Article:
We’ve added two more cards:
Chase Freedom Unlimited
We’ve finished the minimum spend for my husband’s Chase Sapphire Reserve, and the points posted when the statement closed. He is keeping this card long-term as long as the perks don’t go away, and he recently opened a Chase Freedom Unlimited as well. The Unlimited card will give 1.5x points on all purchases and has no annual fee, so it also is a long-term keeper card. When paired with a Sapphire Reserve and used in the Ultimate Rewards portal, it becomes an effective 2.25% back. Further, the points he earns on the Unlimited can be transferred to partners since he has the Reserve. Without it, nope.
The Unlimited comes with a sign-up bonus of 15,000 points when you spend $500 in three months. Easy (and let me know if I can send you a referral!).
So now, all of his travel and dining purchases will go on the Reserve, and his other purchases will go on the Unlimited.
My Chase Sapphire Reserve
I opened my own Sapphire Reserve card. I went to a Chase branch because the in-branch sign-up offer is still 100,000 points when you spend $4k in 3 months (good through March 11 for the in-branch offer). It is 50,000 if you sign up online. This card gives you 3 points per dollar on dining and travel, and travel seems to be a broad category. It is 1 point per dollar on all other spending.
For reference, 50,000 points can be redeemed for $500 cash, or you can use it for 1.5x the value when booking something in the Chase Ultimate Rewards portal if you have the Reserve. 50k points = $750 value in the portal. 100k points = $1,500 in the portal. You can also transfer your points 1:1 to many travel partners. If we transfer, it will most likely be to Southwest, Hyatt, or Marriott.
I plan to get TSA Pre-Check with my card (an $85 expense fully reimburseable by Chase). My husband already has TSA Pre-Check, so our whole family will be able to go through the Pre-Check line since my kids are all under age 12. There’s a Global Entry option, but I’m not going to get it since we aren’t likely to go overseas much in the next 5 years (if at all?) and we’d need Global Entry for each family member.
I’m planning to cancel my AAA auto club membership if they will issue a pro-rated refund. The Sapphire Reserve roadside assistance is just as good or better than my AAA basic membership, and I don’t seem to get much in the way of discounts with AAA.
The trip cancellation/interruption, emergency evacuation, primary rental car insurance (so, you wouldn’t need to get your own auto insurance involved in a claim!), baggage delay perks for a 6-hour delay, trip delay reimbursement for a 6-hour delay, Priority Pass airport lounge access…the benefits of this card really are something to look at if you are a business traveler or travel a few times per year. These card benefits are better than the Sapphire Preferred. The Reserve is a better card, all-around.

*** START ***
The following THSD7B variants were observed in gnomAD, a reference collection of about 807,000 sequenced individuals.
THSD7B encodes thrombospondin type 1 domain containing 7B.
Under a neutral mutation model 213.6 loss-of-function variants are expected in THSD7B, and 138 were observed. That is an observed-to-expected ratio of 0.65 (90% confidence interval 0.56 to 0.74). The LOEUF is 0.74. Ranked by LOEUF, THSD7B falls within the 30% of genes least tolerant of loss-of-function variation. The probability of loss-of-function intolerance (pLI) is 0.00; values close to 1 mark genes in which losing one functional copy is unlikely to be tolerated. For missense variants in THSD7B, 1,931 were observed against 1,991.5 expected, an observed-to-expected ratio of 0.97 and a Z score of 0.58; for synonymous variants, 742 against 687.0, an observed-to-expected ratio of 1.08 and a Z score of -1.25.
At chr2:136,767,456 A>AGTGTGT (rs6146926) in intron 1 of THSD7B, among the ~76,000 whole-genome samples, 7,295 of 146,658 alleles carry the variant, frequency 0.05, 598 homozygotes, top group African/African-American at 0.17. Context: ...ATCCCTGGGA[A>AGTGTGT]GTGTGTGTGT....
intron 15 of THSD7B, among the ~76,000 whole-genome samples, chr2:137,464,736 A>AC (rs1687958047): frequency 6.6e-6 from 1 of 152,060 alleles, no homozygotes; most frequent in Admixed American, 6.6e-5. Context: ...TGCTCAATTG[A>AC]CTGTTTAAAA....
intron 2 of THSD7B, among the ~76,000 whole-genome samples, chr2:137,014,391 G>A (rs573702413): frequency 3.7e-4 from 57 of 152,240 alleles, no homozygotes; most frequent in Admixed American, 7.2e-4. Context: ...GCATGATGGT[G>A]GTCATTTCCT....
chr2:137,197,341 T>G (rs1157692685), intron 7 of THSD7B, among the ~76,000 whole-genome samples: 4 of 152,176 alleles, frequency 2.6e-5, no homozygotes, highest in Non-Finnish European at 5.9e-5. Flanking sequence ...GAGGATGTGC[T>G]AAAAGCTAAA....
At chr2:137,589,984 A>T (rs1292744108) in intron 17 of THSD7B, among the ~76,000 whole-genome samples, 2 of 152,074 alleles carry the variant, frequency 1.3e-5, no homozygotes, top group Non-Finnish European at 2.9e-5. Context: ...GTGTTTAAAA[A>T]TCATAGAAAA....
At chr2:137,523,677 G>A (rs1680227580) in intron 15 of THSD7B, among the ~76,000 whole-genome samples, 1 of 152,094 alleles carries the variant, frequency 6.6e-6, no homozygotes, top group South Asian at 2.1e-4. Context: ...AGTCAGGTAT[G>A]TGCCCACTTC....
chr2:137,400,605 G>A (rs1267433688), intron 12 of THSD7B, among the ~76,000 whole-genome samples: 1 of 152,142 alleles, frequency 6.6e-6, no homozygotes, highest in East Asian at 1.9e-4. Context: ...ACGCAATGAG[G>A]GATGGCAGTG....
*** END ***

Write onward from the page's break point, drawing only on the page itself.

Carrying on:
Thanks to the huge sign-up bonus, the $300 calendar year travel credit (I can double-dip this for $600 in travel credit before my next annual fee is due!), and the general perks of the card, the math makes sense for me to keep this card for awhile, despite the annual fee.
Annual Reserve fee, not waived: $450 (gulp, right?)
Subtract $300 travel credit, good each calendar year brings the effective annual fee to $150. (Note that the $300 in travel spending to earn the travel credit will also net 3x per dollar, so that us 900 points or $9.) That puts it at $141.
Subtract $85 value of TSA Pre-Check and we’re at $56 for the first year
Pro-rated AAA refund ought to be about $50-60, so I could argue that my first year’s fee is basically zip. Feel free to disagree if you don’t think the AAA should be a factor.
I figure the minimum spend at just 1 point/dollar will get me to 104,000 points, but likely I will have some 3x per dollar for dining or travel in that first $4k. This is $1,040 if cashed out.
The total value of our points won’t be realized until we actually book trips, but the cash value of the Ultimate Rewards points is just a minimum of what we might see. At minimum, the sign-up bonuses with minimum spend for those two cards will be $1,200, but I think we can get it closer to $2,000 in value, if not more. So excited at the possibilities! Though some people cancel a card before the second annual fee hits, I will keep this one unless they strip the benefits. I could be an authorized user for $75/year on my husband’s card, but I’m planning on keeping it for at least two annual fees as a “thank you for the ton of points and upgraded vacations you’re giving me!”
A few weeks ago, I debated doing my own Reserve vs. branching out and trying another premium card to diversify our household points options. I considered the AmEx Platinum, but the recent changes to the card are not appealing to me for my travel purposes. The Citi Prestige or Chase Ritz-Carlton cards were also on my radar, but for now I am really happy with this combination of Chase cards that we hold.
I still have and use my AmEx Starwood card, and I won’t be surprised if the card goes away in 2018 when the Marriott merger is finalized. Just a wait-and-see.